Frontenac Ventures President George White was pleased with the decision. "The charges were trumped up to begin with," he told the News, "and when we pointed out to them that we have cooperated with the MNR and with the Ministry of the Environment from the start, they knew this was going nowhere."

White added that Frontenac Ventures is completing geological work on the site and is also in the midst of negotiations aimed at signing a memorandum of understanding with the Shabot Obadjiwaan and Snimikobi First Nations regarding the company's test drilling program, which is set to commence soon.

The Ardoch Algonquins are not party to these negotiations, but have been involved in direct talks with the Ministry of Aboriginal Affairs. However, those talks have now apparently broken off, reportedly because among other things, the government did not agree to consult with the Ardoch Algonquins prior to allowing Frontenac Ventures to begin their drilling program.

In the meantime Robert Potts, the chief negotiator for the Algonquin Land Claim, is trying to clarify who counts as an Algonquin representative and who doesn't.

In a letter sent to municipal councils Potts wrote, in part, "From time to time you may receive communications from persons claiming or implying that they are representatives of Algonquin communities ... ".

He then identified a list of 16 individuals, whom he described as "Algonquin Nation Representatives from whom I am taking direction."

The list includes Shabot Obaadjiwaan Chief Doreen Davis, and Randy Malcolm of the Snimikobi, also known as the Beaver Creek first Nation, listed under the heading "Ardoch".

Uranium Ban Hunger Striker Brings Message To Fredericton

Chris Fox, Canada Press

4th September 2008

FREDERICTON, NB (CP) -- Donna Dillman once went more than two months without eating and she often thinks about doing it again.

She said little has changed since she launched her hunger strike almost two years ago to protest a proposed uranium mine near Sharbot Lake, Ont., north of Kingston.

"Uranium is one of the most toxic things known to man and we need a planet-wide moratorium on it. ... That hasn't happened yet," she said.

"There is no excuse for it either. I used to think that uranium mining is about big money, but it's not. It's about nuclear weapons and as long as you are buying into it, you are buying into the processing that enables bombs."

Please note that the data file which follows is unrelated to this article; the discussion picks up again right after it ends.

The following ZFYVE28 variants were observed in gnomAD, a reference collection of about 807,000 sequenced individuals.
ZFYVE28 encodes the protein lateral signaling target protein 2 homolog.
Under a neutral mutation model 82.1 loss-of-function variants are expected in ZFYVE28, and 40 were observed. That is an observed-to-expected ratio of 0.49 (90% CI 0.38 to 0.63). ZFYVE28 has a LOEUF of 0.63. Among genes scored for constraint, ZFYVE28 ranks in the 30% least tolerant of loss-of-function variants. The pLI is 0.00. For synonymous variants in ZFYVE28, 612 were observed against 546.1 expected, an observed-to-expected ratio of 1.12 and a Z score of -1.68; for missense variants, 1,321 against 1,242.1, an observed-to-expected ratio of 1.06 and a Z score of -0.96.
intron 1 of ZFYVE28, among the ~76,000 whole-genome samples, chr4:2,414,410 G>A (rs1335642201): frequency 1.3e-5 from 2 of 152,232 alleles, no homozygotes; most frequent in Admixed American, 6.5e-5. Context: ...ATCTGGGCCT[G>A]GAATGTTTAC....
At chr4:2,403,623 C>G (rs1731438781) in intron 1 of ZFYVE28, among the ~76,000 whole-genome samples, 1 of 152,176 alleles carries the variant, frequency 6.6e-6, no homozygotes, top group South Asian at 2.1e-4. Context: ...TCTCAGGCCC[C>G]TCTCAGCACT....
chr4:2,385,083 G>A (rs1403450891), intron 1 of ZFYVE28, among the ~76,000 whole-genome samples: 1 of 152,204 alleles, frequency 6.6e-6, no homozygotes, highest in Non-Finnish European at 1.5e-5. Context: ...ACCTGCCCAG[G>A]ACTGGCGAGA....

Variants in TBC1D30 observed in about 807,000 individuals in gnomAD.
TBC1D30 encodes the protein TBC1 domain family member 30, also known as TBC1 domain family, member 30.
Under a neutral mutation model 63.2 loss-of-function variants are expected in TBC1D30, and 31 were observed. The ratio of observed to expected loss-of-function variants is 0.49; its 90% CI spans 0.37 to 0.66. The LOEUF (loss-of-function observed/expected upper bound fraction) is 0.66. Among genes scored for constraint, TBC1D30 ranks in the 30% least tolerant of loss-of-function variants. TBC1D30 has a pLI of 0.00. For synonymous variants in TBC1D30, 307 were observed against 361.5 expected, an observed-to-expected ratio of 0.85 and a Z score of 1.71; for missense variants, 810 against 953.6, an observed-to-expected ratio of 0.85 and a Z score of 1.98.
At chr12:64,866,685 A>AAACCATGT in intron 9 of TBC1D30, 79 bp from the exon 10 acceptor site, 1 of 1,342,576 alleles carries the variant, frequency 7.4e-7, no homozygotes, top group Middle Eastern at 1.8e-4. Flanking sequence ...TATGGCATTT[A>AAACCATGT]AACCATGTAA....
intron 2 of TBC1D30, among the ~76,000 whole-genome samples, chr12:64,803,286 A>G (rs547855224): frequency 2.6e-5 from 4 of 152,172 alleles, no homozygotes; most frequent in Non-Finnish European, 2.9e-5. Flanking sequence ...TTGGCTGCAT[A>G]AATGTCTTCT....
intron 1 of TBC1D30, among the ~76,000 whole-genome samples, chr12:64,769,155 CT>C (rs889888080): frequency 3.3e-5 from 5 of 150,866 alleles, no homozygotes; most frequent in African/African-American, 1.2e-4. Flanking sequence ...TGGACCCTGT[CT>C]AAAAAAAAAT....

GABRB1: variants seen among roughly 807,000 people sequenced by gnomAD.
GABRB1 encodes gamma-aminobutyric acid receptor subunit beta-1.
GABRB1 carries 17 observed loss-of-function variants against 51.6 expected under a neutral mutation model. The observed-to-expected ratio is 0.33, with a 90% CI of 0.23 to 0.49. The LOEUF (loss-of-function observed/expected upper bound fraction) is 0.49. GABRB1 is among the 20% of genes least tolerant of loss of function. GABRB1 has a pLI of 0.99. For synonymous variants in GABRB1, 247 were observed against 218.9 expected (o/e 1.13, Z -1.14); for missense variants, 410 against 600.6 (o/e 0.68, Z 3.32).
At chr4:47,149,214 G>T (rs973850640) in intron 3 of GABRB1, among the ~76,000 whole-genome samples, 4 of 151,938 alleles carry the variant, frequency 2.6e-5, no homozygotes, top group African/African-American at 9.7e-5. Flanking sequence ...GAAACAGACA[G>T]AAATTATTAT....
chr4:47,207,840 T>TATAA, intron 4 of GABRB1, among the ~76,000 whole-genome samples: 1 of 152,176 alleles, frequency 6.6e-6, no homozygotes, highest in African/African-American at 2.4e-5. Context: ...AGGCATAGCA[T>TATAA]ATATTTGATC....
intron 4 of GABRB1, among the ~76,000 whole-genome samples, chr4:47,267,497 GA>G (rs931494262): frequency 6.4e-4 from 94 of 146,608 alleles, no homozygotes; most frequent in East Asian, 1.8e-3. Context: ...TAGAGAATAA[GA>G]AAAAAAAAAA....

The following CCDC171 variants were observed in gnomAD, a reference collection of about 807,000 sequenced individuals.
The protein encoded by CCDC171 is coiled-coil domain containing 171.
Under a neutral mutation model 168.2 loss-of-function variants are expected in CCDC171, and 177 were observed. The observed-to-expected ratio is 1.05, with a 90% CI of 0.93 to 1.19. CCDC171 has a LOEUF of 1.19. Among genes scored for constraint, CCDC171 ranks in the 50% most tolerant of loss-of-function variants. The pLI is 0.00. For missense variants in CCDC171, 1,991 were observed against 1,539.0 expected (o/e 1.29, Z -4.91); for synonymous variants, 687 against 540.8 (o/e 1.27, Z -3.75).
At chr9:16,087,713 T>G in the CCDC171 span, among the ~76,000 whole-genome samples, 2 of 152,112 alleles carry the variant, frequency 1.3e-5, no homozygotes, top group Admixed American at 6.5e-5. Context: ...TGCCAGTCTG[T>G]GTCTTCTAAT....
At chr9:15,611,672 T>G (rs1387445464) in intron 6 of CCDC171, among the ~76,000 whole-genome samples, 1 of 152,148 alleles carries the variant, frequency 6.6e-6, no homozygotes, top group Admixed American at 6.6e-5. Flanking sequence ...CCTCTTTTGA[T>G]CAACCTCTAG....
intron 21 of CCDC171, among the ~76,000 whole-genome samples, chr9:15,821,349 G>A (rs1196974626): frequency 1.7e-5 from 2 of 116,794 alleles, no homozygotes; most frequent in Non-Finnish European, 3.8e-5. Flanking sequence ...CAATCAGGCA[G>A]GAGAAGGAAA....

Uranium mining is allowed in New Brunswick, but legislation introduced in July prohibits it from being done in watersheds, cities, villages, or within 300 metres of any residential or institutional building.

Some New Brunswickers have become increasingly concerned about uranium prospecting on their properties in recent years.

Dillman said those restrictions aren't enough.

"The distance requirement is meaningless because with wind you may as well do the mining under the house," she said.

Dillman, who lived in a tent on the side of a highway outside of Ottawa for most of her hunger strike, said a moratorium similar to ones already in place in British Columbia and Nova Scotia is the only solution.

And she said she wouldn't hesitate about going on a hunger strike again to make it happen.

"Some people think what I did was a little drastic, but I just couldn't imagine having my grandkids in 20 years become sick from this or give birth to a stillborn child or deformed child because of it," she said.

"We are coming to the point that we are all going to need to do something to stop this. If it became useful to do what I did again, I would."

Tracy Glynn, one of the organizers of Wednesday's event, said Dillman's experiences are invaluable.

"What Donna did was incredibly brave and selfless. She really provides an example for everyone here," Glynn said.

"What she has done is not typical of the type of the activism we usually see in Canada and she just really gave a clear message that uranium mining is not acceptable."